6. Book Everything.
Alaska's ports are fine for a little souvenir shopping and supporting local business, but when you're here, the real souvenirs are the experiences. Here you can kayak a lake where salmon spawn and trumpeter swans patrol their domain; land on an otherworldly glacier in a seaplane; hike the awesome Alaskan tundra; and take a helicopter past waterfalls and majestic mountains to dog sled at a camp with a real Iditarod team. Now is not the time to be shy about your budget; it's not worth the price to come all the way out to Alaska to do a single bus tour.
7. Try New Things.
As my zip-lining guide stressed while we were standing 135 feet up on a Sitka spruce amidst the pouring rain: Say yes… to everything. I am not very active at home, but I wanted to experience the range of Alaska's scenic arsenal by land, air and sea, so I booked kayaking and hiking trips that made me slightly nervous before I did them. Obviously, you don't want to hurt yourself by signing up for something you're physically unable to do, but Alaska is a place to do, see and even eat things (rockfish, anyone?) you wouldn't otherwise. You won't regret the investment.
8. Tour First.
Sure, there are options to take a land tour after your cruise. But be warned that the popular option of touring before you cruise is that way for a reason: You fit a lot in on land tours with Princess, but you need to contend with the hustle and bustle of bus rides, early wake-up calls, and a rainbow of luggage tags and logistics. It's a pace that may not be quite as welcome after a leisurely weeklong sailing; you'll have more energy at the beginning of your journey, when you're fueled by the excitement of embarking on a new adventure.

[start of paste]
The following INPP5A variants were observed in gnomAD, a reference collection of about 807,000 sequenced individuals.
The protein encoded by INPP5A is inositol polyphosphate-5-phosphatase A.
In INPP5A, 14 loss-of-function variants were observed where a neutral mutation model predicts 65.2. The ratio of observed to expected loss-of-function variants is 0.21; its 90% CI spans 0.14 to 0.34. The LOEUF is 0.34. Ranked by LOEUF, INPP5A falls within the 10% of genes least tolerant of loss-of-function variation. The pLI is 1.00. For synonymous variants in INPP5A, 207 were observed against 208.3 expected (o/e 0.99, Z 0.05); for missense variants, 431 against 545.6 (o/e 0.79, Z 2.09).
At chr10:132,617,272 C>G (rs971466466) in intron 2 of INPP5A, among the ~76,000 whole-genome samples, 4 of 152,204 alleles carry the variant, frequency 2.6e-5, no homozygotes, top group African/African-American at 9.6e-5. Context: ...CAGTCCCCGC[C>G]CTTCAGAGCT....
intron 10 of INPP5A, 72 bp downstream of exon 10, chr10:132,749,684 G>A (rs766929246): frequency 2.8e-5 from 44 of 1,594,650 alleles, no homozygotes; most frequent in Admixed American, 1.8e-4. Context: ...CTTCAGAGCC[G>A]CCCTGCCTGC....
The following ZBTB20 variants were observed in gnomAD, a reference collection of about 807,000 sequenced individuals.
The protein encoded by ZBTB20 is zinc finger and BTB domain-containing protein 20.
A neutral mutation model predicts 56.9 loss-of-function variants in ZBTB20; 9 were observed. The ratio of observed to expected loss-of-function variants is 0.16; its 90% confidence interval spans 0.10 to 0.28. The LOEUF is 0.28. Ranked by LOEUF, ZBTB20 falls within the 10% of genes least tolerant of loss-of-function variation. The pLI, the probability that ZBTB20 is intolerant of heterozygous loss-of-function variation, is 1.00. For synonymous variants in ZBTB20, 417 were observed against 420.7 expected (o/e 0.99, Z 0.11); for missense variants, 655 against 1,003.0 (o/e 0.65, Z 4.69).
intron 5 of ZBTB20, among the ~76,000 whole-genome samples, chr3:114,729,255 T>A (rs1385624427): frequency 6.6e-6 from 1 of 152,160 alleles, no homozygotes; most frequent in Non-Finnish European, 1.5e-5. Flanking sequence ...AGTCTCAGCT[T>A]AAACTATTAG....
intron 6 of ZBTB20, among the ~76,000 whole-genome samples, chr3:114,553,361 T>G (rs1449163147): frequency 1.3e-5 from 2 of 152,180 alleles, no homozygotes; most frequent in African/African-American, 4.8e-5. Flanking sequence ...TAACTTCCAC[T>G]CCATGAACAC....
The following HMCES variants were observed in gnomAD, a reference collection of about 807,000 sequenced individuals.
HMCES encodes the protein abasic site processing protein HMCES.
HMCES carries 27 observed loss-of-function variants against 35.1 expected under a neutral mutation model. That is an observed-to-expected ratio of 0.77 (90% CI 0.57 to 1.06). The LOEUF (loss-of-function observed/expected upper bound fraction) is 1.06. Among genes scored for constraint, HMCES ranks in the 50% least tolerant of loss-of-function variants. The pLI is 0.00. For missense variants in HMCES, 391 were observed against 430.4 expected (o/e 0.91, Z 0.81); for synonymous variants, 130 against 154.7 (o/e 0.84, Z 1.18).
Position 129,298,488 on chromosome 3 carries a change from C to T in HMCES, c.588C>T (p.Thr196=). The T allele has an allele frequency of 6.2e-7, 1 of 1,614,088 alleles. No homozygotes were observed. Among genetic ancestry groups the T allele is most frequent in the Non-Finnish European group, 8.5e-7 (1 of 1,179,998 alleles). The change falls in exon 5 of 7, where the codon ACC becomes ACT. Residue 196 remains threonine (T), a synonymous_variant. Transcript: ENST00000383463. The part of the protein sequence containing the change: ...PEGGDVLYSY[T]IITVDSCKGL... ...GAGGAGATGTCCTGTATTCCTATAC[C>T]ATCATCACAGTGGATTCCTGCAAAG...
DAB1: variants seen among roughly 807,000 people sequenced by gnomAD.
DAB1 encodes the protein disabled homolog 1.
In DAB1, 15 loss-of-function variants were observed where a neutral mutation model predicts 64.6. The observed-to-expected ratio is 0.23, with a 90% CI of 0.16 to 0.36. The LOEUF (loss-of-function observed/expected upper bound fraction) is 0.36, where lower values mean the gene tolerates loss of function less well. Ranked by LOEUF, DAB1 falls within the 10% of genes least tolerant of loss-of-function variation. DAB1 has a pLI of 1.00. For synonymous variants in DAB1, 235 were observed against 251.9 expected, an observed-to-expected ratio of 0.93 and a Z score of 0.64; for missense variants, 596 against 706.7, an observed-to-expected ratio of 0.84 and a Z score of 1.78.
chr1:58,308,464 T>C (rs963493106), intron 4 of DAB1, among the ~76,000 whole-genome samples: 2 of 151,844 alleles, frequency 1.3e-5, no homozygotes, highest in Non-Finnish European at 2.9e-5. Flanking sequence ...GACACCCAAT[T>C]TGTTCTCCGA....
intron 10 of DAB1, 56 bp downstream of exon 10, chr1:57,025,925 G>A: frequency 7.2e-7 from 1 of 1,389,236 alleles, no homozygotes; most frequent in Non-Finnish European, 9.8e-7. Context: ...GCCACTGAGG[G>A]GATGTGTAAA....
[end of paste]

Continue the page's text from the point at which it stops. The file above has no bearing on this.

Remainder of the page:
9. Check Inclusions.
Unless you book a high-end cruisetour (known as a Connoisseur tour with Princess Cruises), meals and extras are not included at the lodges. Alaska isn't cheap, and the fine dining restaurants will quickly rack up a three-digit bill for two. Make sure you're prepared.
10. Eat Local.
By the end of this trip, you may never want to eat salmon or sourdough again -- but only because it won't be as good anywhere else. Never in your wildest dreams did you imagine you could get burned out on king crab legs or reindeer. Pace yourself (I limited salmon to every other day to avoid taste- bud fatigue) and, remind yourself that it's all part of the authentic experience. There's no reindeer chili in New Jersey.
11. Take Part in Enrichment.
The learning aspect of your Princess cruisetour doesn't end once you board. Princess Cruises recently launched North to Alaska, an enrichment program that focuses on local customs, cuisine and guest speakers. A recipe from local seafood distributors in Skagway can be found as one of the specials at the onboard Trident Grill -- a halibut sandwich with slaw that was one of the best things I ate onboard. Native storytellers, such as The New York Times bestselling author Nick Jans or Iditarod champion Libby Riddles, sail on select cruises to share their perspectives and personal accounts of life in the wild. Embrace the midnight sun (you can sleep when you're home) with a special deck party held at the aft of the ship that comes complete with naturalist commentary and folksy guitar music.